Picture this: You and your friends are having a late-night bite to eat when you notice a mentally disabled man eating at another table. There’s another restaurant patron making fun of him, poking him with a chopstick or utensil of sorts, and laughing.
This goes on for a few minutes, but feels like an eternity. You don’t like what you see. So much so, you can’t even take another bite of your meal. You feel guilty, you know this is wrong.
But here’s the thing, the entire restaurant, including your friends are staring without saying a word!
What do you do? Do you say something? Do you pretend not to notice?
This is a true story that happened to my husband. I’ll tell you what happened.
Since nobody in the restaurant said or did anything, my husband stood up, walked over, and confronted the person who was making fun of the mentally disabled man. He asked him why he would do such a thing and told him to stop.
This is what I call “social leadership.”
It is taking initiative, being assertive and being authentic to your morals.
In this article, I’m going to share:
3 actionable strategies so you can be a “social leader” and lead by example
How to speak up when you don’t like what you see
How to handle confrontations effectively in 4 steps
How to be authentic and sincere in your interactions
Strategy #1: Speak Up when it Counts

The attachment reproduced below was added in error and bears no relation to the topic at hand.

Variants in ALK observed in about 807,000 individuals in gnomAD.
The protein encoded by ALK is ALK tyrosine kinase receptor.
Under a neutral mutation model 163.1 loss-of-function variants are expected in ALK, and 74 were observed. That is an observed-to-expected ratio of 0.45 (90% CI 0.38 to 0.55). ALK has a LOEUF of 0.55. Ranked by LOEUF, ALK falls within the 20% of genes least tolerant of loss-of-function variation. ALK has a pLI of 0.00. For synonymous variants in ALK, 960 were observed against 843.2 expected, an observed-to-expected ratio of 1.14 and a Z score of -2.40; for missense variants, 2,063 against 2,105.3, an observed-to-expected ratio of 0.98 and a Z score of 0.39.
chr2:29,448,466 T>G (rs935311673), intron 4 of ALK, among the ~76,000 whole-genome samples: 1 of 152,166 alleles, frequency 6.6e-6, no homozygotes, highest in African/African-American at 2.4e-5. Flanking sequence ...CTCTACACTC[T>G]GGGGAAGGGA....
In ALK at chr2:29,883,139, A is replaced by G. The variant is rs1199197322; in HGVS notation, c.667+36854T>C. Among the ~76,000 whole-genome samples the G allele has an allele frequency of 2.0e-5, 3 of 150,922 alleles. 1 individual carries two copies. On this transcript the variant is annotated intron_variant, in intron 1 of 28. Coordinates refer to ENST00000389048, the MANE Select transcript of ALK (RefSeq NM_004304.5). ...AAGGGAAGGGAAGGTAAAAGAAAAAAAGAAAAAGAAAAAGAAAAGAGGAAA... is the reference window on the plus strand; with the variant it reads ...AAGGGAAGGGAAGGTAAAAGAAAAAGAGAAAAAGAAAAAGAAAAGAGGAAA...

Look, there’s no need to be overly aggressive without reason. You don’t have to live your life looking for arguments to have, just for the sake of arguing. The point is to be assertive when there’s a reason to, just like in the story above.
So how do you know when it is worth doing? Here is a list of questions that you can use to determine that:
Does it align with your morals?
Is someone being put down or bullied?
Is someone put in an uncomfortable situation?
Use the Golden Rule. If you wouldn’t want to be in the situation you see someone else in, then you should probably take initiative
Action Step #1: How to Speak Up
When being assertive, remember to do so responsibly. When things piss you off, you usually default to one of two reactions. You either say nothing and regret it later or you lose your temper and fly off the handle.
But you can be assertive without being an a******. Here are some scripts that you can use if you feel like you are in a situation where you have to stand up to someone or say something.
I noticed that you did XYZ, why did you do that?
I noticed that you did XYZ, am I missing something?
I noticed XYZ. If you were them would you want to be treated that way?
The reason why these scripts work is because you are simply stating facts. You are not judging the action right off the bat, you are simply seeking information as to why they would take that action.
In many cases, when someone gets “called out,” they’re actually so surprised and embarrassed, that they stop what they’re doing. That’s what happened in the story above.
I cannot stress the importance of keeping a cool head. If you know anything about mirror neurons, you know that your nonverbal communication is contagious. If you approach someone and get in their personal space, they’ll also feel feelings of anger and aggression. You may be instigating someone without even realizing it.